Otis Sanford

Otis Sanford holds the Hardin Chair of Excellence in Journalism and Strategic Media at the University of Memphis and is the political analyst and commentator for WATN Local 24. Contact him at 901-678-3669 or at Follow him on Twitter @otissanford.

Sanford: Where Memphis mayoral candidates stand on crime

By Published: April 14, 2019 1:05 PM CT

Despite the best efforts, deadly violence continues to be a plague on Memphis.

It is a public safety, public health and political issue that keeps Memphians on edge and suburbanites – along with others looking to live, work or study here – talking derisively about the city.

<strong>Otis Sanford</strong>

Otis Sanford

I recently had a conversation with someone who said a college-age relative from another state was talked out of accepting an athletic scholarship to come to Memphis because of concerns about crime.

And local faith-based groups, including the Bloomfield Urban Initiative, are planning a “March on the Madness” from 11 a.m. to 3 p.m. April 27 at several high-crime areas in South Memphis. 

Political leaders and those who study crime point to recent data showing that violent offenses in Memphis – and other cities of similar size – have been trending downward over the last three years, despite public perception to the contrary.

Mayor Jim Strickland made crime his No. 1 campaign issue when he ousted incumbent A C Wharton in 2015. The following year, Memphis logged a record 228 homicides. Since then, the numbers have fluctuated, but have not approached the deadliest year in 2016.

For the first 3½ months of 2019, however, worries over violent crime have returned. Through Tuesday of this week, homicides are up 48% over the same period last year, with 43 deaths recorded compared to 29 in 2018.

But as the 2019 city mayoral election starts to gain steam, there is little discussion about fighting violent crime, particularly by former mayor Willie Herenton and Shelby County Commissioner Tami Sawyer, the two major opponents vying to unseat Strickland.

During the official opening of his campaign headquarters in southwest Memphis last weekend, Herenton made no mention of the crime issue, even as he accepted a controversial endorsement from Memphis Police Association President Mike Williams.

I say controversial because some MPD officers immediately went on social media to blast the move. That forced Williams, who ran for mayor in 2015, to post a Facebook video Sunday night trying to tamp down the criticism.

“This is about what’s best for the members of the Memphis Police Association,” Williams insisted to his members. His argument is that Herenton will do more to help restore benefits that police officers have lost in recent years. “I am going to ask you to refrain from posting stuff all over Facebook to make us look like we are disjointed and discombobulated,” Williams said.

Herenton’s most detailed statement so far about reducing crime came in a March 19 interview in the New Tri-State Defender. He said crime is worse now than when he was in office. “When I was mayor, we aggressively fought the crime problem…. We had aggressive police programs; Blue Crush did a phenomenal job. I don’t see that aggressive crime fighting today. We’re going to aggressively fight crime while addressing the causes of crime.”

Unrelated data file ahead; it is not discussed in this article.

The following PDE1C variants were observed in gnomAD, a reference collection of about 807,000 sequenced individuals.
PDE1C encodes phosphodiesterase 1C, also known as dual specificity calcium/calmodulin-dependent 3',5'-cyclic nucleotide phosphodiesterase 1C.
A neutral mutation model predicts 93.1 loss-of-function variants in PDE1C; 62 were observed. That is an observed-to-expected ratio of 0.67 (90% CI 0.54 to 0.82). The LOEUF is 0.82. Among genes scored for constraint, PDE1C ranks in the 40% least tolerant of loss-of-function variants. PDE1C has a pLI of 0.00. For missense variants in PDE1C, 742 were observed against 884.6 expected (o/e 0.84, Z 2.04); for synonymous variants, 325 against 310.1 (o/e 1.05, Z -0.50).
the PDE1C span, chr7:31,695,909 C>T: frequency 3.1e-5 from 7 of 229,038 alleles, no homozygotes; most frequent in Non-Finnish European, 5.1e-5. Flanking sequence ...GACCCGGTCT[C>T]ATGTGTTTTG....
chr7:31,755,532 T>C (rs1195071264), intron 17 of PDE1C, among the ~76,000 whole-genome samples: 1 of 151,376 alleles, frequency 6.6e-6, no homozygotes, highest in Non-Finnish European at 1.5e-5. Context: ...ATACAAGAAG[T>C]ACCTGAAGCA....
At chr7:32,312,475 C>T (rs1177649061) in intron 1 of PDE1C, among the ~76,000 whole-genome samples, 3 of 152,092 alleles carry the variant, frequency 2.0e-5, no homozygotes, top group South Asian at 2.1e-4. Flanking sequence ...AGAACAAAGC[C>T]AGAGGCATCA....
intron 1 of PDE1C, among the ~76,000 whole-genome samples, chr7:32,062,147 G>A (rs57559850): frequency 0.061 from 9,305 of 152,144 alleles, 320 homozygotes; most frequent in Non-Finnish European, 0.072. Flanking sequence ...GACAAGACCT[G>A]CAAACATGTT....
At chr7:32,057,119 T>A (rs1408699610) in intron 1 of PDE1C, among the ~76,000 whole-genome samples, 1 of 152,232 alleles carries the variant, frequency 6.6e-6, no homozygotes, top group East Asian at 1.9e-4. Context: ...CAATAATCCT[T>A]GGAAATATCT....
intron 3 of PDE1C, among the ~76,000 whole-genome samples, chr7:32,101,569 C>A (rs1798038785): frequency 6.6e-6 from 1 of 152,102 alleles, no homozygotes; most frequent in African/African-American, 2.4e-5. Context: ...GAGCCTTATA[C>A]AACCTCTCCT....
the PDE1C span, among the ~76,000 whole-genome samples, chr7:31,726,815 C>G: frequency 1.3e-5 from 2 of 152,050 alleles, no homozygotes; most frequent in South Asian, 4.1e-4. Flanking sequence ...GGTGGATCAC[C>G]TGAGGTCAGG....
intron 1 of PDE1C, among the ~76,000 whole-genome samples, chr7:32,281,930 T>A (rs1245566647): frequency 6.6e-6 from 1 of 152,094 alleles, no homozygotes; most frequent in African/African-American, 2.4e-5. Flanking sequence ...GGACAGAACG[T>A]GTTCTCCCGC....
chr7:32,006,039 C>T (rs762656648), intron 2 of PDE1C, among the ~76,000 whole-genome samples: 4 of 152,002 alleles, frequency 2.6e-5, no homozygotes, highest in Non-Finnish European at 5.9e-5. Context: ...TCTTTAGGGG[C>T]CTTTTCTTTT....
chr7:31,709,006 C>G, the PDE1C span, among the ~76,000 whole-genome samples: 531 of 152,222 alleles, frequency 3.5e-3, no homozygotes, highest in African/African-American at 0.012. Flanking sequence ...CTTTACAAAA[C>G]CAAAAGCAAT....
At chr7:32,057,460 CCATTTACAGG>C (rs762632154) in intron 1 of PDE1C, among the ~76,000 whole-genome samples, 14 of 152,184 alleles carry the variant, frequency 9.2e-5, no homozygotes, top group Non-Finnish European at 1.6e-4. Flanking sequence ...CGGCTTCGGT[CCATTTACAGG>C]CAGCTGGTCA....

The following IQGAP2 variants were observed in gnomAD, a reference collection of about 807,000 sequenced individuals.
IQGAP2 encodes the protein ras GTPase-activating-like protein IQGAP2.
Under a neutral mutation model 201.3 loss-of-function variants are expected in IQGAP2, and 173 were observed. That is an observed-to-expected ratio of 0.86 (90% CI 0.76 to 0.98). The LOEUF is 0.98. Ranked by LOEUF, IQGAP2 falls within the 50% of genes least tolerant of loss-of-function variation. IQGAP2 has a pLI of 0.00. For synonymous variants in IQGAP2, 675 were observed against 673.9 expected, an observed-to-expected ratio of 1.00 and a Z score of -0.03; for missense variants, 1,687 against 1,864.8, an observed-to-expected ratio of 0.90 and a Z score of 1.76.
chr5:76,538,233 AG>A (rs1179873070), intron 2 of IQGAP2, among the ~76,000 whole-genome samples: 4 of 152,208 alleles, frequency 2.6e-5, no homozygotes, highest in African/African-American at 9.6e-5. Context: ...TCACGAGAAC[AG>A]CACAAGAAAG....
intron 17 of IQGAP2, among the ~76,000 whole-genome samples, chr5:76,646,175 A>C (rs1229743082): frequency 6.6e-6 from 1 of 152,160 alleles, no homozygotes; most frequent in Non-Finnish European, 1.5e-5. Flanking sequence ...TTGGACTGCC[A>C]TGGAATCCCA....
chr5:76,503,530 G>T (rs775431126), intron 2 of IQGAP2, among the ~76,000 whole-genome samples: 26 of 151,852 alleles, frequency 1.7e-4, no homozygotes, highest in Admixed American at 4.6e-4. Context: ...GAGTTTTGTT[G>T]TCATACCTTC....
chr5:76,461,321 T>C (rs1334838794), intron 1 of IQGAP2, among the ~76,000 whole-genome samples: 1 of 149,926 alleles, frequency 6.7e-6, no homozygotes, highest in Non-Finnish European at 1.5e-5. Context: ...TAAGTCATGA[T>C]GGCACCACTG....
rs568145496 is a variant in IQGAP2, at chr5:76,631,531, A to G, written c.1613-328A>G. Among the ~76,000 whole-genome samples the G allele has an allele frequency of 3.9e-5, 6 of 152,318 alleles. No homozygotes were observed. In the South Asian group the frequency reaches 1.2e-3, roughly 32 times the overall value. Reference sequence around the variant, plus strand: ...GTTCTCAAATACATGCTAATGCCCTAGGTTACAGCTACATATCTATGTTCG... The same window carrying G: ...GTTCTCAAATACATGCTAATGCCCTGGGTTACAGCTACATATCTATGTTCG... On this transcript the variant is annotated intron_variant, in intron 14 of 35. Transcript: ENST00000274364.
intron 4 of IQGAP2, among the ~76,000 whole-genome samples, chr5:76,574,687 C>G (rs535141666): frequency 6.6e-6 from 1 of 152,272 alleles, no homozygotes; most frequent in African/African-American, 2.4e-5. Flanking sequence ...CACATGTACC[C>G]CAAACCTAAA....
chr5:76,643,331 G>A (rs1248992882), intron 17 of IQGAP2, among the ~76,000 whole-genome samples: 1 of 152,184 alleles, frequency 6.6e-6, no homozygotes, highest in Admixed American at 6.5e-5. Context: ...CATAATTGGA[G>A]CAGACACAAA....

Meanwhile, Sawyer has said practically nothing about her specific plans to reduce crime. She is focused on addressing poverty, education and economic inequity, which could indirectly fight crime. And her campaign appears to be tapping into growing enthusiasm by younger voters.

“I’m running for mayor because we haven’t been heard, we haven’t been valued, we haven’t been included,” Sawyer says in a new YouTube video.

That leaves Strickland to address concerns about the uptick in homicides without having to respond to criticism from his opponents.

“Reducing violent crime continues to be a top priority for my administration,” Strickland told me in a prepared statement. “While murders have unfortunately increased, overall violent crime is down 6%. Our police force is doing all it can to prevent homicides through the 901 BLOC Squad, and proactive policing – and to solve these awful crimes when they do happen.”

Strickland cited statistics showing that 78% of all homicides so far this year involved people who knew each other, and 45% were gang-related. That makes murder the toughest crime of all to deter.

“We need people to take responsibility for their own actions,” the mayor said. “They will be held accountable. But there is hope, because there are alternatives to violence. There are free job-training programs, free education opportunities and even free help for people to turn their lives around if they have committed a crime to be given a second chance.

“This administration will continue to fight against violent crime and offer hope and a path away from violence to people who choose to take those opportunities.”

Of course, Strickland is right. More officers on the street can significantly improve public safety. But there is little police can do to stem deadly domestic and gang violence. The primary culprit there is the easy availability of guns, many of them stolen from vehicles. You can thank the Tennessee Legislature for that.

But whether it’s perception or reality, let’s hope that as summer approaches, the first quarter homicide numbers will be an anomaly. If they are not, you can expect to hear much more criticism of the mayor as his opponents try to cobble together their own plans to combat crime.


Jim Strickland Willie Herenton Tami Sawyer Homicides

Comment On This Story

Email Editions

Sign up for our morning and evening editions, plus breaking news.